Bach: Brandenburg Concertos 5-6, Triple Concerto - Fasolis
Arts Music 47716-8
Bach: Brandenburg Concertos Nos. 5 & 6 BWV 1050-1051, Triple Concerto BWV 1044
Stefano Bet (flute)
Francesco Cera (harpsichord)
Giovanni De Rosa (viola)
Duilio Galfetti (violin, viola)
Diego Fasolis (conductor, harpsichord)
Support this site by purchasing from these vendors using the links provided below.
As an Amazon Associate HRAudio.net earns from qualifying purchases.
Review by John Miller - March 6, 2007
Please refer for general remarks on performance and recording to my review of the first disc in this set of Brandenburg Concertos. Here are my listening notes for the 5th and 6th concertos and the Triple Concerto.
For solo flute, violin and harpsichord, with an accompanying ripieno group of violins, violas, cellos and double bass/violone. There are several theories about the date and occasion for which Bach originally composed this work; it was possibly to celebrate the arrival of a splendid new harpsichord at the Cothen Court which Bach brought back from Berlin. Bach himself would probably have played the virtuosic harpsichord part - indeed an early version is without the staggering solo cadenza which was added later for the Brandenburg incipit. At the first performance Bach must have improvised during the concerto to show its virtues off to the Duke. (Indeed, Bach's popular reputation in Germany during his life time was that of an improviser and organ-tester.)
Fasolis takes the solo part on this recording, but the harpsichord remains in perspective with the other soloists and is not agressively spot-lit as in some other recordings. The wooden baroque flute blends tonally much better with the gut-stringed violin than does the modern flute made of precious metal, and the unforced tempo of the first movement allows the soloists to interact as if in an animated conversation, which ebbs and flows, with humorous staccato touches. The brilliant cadenza is tossed off by Fasolis as if it presented no difficulties. The 'affetuoso' slow movement is a more intimate and relaxed conversation, touching with its with lovely phrasing and great rapport between the players in their stately dance. A final fugue gallops off towards perhaps a more intellectual discourse for the soloists. This work is often considered to have been the starting model for the solo keyboard concertos of the later 18th and 19th centuries. In passing, I remarked that bringing the keyboard forward with the other soloists also picked up quite noticeable LF "noise" from its action - since the LF channel is used very effectively, but you soon get used to it. Microphones can't help picking up things which ears can filter out.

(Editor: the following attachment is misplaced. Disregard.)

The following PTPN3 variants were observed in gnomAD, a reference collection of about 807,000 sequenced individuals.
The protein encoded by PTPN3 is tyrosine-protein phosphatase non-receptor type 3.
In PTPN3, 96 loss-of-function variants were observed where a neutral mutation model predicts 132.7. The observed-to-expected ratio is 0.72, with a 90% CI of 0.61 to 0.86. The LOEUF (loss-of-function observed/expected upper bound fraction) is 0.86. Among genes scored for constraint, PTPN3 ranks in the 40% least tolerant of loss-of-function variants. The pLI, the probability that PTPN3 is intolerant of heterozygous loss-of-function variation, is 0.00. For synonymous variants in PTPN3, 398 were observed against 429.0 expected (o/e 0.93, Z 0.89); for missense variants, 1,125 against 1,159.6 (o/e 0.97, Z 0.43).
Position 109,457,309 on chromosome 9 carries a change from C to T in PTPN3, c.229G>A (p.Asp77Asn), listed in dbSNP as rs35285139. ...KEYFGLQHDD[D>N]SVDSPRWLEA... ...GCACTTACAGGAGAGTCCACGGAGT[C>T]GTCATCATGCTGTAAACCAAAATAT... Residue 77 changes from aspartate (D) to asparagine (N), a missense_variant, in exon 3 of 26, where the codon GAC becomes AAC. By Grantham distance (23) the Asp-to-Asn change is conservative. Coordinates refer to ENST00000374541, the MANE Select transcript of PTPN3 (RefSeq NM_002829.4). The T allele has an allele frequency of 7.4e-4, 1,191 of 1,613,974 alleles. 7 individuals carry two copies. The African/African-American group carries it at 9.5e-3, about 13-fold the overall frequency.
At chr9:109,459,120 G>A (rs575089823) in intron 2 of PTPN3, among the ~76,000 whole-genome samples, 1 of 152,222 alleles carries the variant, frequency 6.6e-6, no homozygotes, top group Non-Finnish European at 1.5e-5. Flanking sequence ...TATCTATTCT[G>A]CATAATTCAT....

This may have been the earliest of the group, as it employs instruments which would have been considered antiques by the time Bach was greeting the Margrave. There are two trios, one with violas I/II and a cello, and sitting opposite, two violas da gamba (really viols with 6 strings) and the violone (a kind of bass viol). Bach takes another calculated risk here, as these instruments are both low-voiced and and dark-toned. I found I Barrochisti made this final movement a real tour de force, with passionate playing of immense richness and intensity, the melodic phrases passed to and fro with great clarity and tonal beauty, full of sunshine despite its lower range. The recording magnificently portrays the nutty and resiny character of the strings, and the characteristic resonances of each instrument: a textural and tonal delight as well as a rich and glowing musical treat. The best possible end to a wonderful set of the Brandenburg Concertos.
As a generous and appropriate filler, Arts presents us with the so-called Triple Concerto for flute, violin, harpsichord, strings & continuo in A minor, and the minor key marks a change in the character of the music. This is a later work for comparison with the Brandenburgs, probably composed for the Summer Fair evening concerts in a Leipzig square. As with many of Bach's works, material was taken from previous pieces and freely re-worked. The harpsichord again plays a leading part, particularly in the outer movements, where it is the main proponent. In the lovely wistful slow movement, the wooden flute and the violin engage in a pleasant dialogue in architypal Baroque style, commented upon by the harpsichord, while the continuo bass plays the strolling pizzicati. Again, I Barrochisti play con amore throughout. A marvellous end to a very fine set of Brandenburgs which gets full marks from me.
Copyright © 2007 John Miller and HRAudio.net